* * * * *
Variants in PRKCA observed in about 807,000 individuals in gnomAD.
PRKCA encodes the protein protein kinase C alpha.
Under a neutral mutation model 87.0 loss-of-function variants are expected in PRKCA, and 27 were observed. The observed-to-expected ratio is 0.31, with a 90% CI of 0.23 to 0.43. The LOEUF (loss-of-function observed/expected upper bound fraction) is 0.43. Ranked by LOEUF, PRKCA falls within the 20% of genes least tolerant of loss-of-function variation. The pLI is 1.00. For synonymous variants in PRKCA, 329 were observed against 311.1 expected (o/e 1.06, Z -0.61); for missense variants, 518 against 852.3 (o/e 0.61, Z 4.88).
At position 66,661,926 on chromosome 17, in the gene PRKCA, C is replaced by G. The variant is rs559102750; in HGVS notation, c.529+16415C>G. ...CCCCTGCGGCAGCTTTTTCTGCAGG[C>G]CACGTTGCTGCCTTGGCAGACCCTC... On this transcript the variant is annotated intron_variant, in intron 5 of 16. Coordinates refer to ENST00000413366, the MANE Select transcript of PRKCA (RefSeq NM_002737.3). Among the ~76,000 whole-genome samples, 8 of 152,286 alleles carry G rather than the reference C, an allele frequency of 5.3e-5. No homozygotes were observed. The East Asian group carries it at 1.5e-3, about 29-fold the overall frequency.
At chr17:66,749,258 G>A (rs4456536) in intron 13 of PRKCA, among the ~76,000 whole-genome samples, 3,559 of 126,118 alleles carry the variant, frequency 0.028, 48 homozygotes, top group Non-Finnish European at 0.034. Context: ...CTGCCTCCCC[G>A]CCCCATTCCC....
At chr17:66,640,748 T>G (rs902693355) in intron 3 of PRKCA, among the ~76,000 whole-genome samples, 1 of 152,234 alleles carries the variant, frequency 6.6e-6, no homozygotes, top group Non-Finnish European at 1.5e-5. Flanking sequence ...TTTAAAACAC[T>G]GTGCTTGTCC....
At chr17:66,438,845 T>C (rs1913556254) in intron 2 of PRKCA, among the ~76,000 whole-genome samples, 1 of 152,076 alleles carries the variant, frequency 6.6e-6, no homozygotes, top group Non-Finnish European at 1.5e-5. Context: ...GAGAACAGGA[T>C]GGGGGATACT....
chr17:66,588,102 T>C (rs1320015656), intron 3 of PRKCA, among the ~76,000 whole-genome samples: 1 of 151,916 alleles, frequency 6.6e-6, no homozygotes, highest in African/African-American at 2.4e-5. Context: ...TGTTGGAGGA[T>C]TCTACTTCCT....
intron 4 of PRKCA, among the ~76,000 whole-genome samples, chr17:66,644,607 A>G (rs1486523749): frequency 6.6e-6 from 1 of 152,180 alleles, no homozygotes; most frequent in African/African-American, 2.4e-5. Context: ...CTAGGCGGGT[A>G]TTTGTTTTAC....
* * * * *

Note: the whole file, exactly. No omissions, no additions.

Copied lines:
Variants in PRKCA observed in about 807,000 individuals in gnomAD.
PRKCA encodes the protein protein kinase C alpha.
Under a neutral mutation model 87.0 loss-of-function variants are expected in PRKCA, and 27 were observed. The observed-to-expected ratio is 0.31, with a 90% CI of 0.23 to 0.43. The LOEUF (loss-of-function observed/expected upper bound fraction) is 0.43. Ranked by LOEUF, PRKCA falls within the 20% of genes least tolerant of loss-of-function variation. The pLI is 1.00. For synonymous variants in PRKCA, 329 were observed against 311.1 expected (o/e 1.06, Z -0.61); for missense variants, 518 against 852.3 (o/e 0.61, Z 4.88).
At position 66,661,926 on chromosome 17, in the gene PRKCA, C is replaced by G. The variant is rs559102750; in HGVS notation, c.529+16415C>G. ...CCCCTGCGGCAGCTTTTTCTGCAGG[C>G]CACGTTGCTGCCTTGGCAGACCCTC... On this transcript the variant is annotated intron_variant, in intron 5 of 16. Coordinates refer to ENST00000413366, the MANE Select transcript of PRKCA (RefSeq NM_002737.3). Among the ~76,000 whole-genome samples, 8 of 152,286 alleles carry G rather than the reference C, an allele frequency of 5.3e-5. No homozygotes were observed. The East Asian group carries it at 1.5e-3, about 29-fold the overall frequency.
At chr17:66,749,258 G>A (rs4456536) in intron 13 of PRKCA, among the ~76,000 whole-genome samples, 3,559 of 126,118 alleles carry the variant, frequency 0.028, 48 homozygotes, top group Non-Finnish European at 0.034. Context: ...CTGCCTCCCC[G>A]CCCCATTCCC....
At chr17:66,640,748 T>G (rs902693355) in intron 3 of PRKCA, among the ~76,000 whole-genome samples, 1 of 152,234 alleles carries the variant, frequency 6.6e-6, no homozygotes, top group Non-Finnish European at 1.5e-5. Flanking sequence ...TTTAAAACAC[T>G]GTGCTTGTCC....
At chr17:66,438,845 T>C (rs1913556254) in intron 2 of PRKCA, among the ~76,000 whole-genome samples, 1 of 152,076 alleles carries the variant, frequency 6.6e-6, no homozygotes, top group Non-Finnish European at 1.5e-5. Context: ...GAGAACAGGA[T>C]GGGGGATACT....
chr17:66,588,102 T>C (rs1320015656), intron 3 of PRKCA, among the ~76,000 whole-genome samples: 1 of 151,916 alleles, frequency 6.6e-6, no homozygotes, highest in African/African-American at 2.4e-5. Context: ...TGTTGGAGGA[T>C]TCTACTTCCT....
intron 4 of PRKCA, among the ~76,000 whole-genome samples, chr17:66,644,607 A>G (rs1486523749): frequency 6.6e-6 from 1 of 152,180 alleles, no homozygotes; most frequent in African/African-American, 2.4e-5. Context: ...CTAGGCGGGT[A>G]TTTGTTTTAC....